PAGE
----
Event Date: 
November 9, 2018 - 3:00 PM
Location: 
Atkins Library

Graduate students at UNC Charlotte are learning how to boil down extensive and complex research or scholarship into a brief, compelling presentation that anyone can understand – especially the boss. In November each year, students take what they’ve learned to the stage in the Three-Minute Thesis (3MT) competition.

The professional development courses – and the competition – come from the Graduate School’s Center for Graduate Life (CGL) in Cone University Center, Room 268. The CGL exists to provide a comfortable place, a sense of community and the developmental support to help graduate students navigate their time here and find success when they graduate. 

The CGL programming fits what appears to be a growing need. According to an article in Fast Company, American employers say nearly half of graduates arrive on the job lacking the interpersonal skills to succeed. 

“Polishing communication and other soft skills like critical thinking and decision making has long been a focus for our Center for Graduate Life,” said Tom Reynolds, associate provost and dean of the Graduate School. “We assess what employers are looking for, beyond the educational discipline, and develop the supplemental programming to meet those needs.” 

Students hone their skills in CGL courses and workshops such as Workplace Communications, Elements of Business Writing and Strategies for Communicating Your Research. Then, they can put those skills to the test through the 3MT competition.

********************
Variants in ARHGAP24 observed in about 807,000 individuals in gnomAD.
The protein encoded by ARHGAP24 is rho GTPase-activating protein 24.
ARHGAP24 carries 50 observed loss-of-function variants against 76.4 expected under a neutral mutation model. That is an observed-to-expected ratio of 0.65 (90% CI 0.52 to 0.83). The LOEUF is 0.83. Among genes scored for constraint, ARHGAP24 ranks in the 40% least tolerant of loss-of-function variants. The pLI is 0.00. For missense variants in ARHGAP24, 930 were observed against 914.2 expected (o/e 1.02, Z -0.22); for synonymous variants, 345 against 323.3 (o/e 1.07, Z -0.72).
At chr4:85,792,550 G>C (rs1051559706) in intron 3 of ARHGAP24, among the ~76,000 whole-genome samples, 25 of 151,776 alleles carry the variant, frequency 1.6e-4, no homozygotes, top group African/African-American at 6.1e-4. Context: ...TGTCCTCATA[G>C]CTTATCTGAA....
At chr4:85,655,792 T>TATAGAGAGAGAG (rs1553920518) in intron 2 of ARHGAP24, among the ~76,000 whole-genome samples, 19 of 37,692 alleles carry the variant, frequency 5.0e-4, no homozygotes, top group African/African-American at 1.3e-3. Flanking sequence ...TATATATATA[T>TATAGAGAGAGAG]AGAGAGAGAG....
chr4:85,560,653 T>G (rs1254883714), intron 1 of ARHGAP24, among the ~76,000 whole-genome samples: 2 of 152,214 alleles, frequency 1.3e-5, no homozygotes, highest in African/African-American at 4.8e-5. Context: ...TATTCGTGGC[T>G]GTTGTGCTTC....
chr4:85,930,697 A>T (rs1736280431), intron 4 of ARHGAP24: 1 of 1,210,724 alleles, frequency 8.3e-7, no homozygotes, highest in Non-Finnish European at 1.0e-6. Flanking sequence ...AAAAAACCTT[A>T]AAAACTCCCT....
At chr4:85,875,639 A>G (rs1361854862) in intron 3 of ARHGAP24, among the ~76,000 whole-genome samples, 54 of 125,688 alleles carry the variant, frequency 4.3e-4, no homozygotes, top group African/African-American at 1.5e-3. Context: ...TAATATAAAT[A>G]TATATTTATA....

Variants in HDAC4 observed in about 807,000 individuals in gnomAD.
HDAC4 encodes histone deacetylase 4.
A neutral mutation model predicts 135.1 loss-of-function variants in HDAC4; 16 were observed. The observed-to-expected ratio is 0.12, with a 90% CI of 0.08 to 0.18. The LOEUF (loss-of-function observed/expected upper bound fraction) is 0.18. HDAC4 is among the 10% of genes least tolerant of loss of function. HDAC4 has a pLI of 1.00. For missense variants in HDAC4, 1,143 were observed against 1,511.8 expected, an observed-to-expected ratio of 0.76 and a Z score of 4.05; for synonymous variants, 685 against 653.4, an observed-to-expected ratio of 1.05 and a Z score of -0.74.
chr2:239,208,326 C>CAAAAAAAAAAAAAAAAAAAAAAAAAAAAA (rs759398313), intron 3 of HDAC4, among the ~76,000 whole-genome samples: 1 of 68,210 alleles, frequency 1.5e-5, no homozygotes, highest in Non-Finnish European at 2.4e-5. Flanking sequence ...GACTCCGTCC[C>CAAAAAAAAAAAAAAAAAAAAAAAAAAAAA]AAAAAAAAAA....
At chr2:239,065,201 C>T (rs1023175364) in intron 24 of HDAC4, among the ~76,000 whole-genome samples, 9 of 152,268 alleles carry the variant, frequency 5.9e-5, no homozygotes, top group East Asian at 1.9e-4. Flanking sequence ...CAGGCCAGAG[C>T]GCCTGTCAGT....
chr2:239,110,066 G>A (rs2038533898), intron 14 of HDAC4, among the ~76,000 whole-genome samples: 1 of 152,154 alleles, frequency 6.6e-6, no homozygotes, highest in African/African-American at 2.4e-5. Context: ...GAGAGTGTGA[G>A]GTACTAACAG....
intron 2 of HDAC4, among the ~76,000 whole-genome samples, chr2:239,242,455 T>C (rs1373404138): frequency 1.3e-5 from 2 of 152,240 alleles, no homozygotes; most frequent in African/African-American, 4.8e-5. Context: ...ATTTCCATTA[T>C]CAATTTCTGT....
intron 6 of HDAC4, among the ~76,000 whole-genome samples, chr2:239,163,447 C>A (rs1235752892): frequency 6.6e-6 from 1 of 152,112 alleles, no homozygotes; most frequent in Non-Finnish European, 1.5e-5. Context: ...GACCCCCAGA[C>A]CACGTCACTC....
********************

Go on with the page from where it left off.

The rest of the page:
Through 3MT, a program that originated at the University of Queensland, Australia, participants compete based on how clear and engaging they can be with their research presentation. The presentations are limited to three minutes and the contestants may use only one static slide.

Finalists in this year’s UNC Charlotte competition will deliver presentations at 3 p.m., Friday, Nov. 9, in the Atkins Library Halton Reading Room. Winners will earn cash prizes and a chance to travel to this year’s Conference of Southern Graduate Schools annual meeting in Knoxville.

A reception and celebration of the winners will follow the competition.

The first 3MT competition was held in 2008 with 160 University of Queensland research students competing. Since then, the competition has spread to 350 universities across 18 countries.

Visit the Center for Graduate Life for more information on the Graduate School’s professional development opportunities.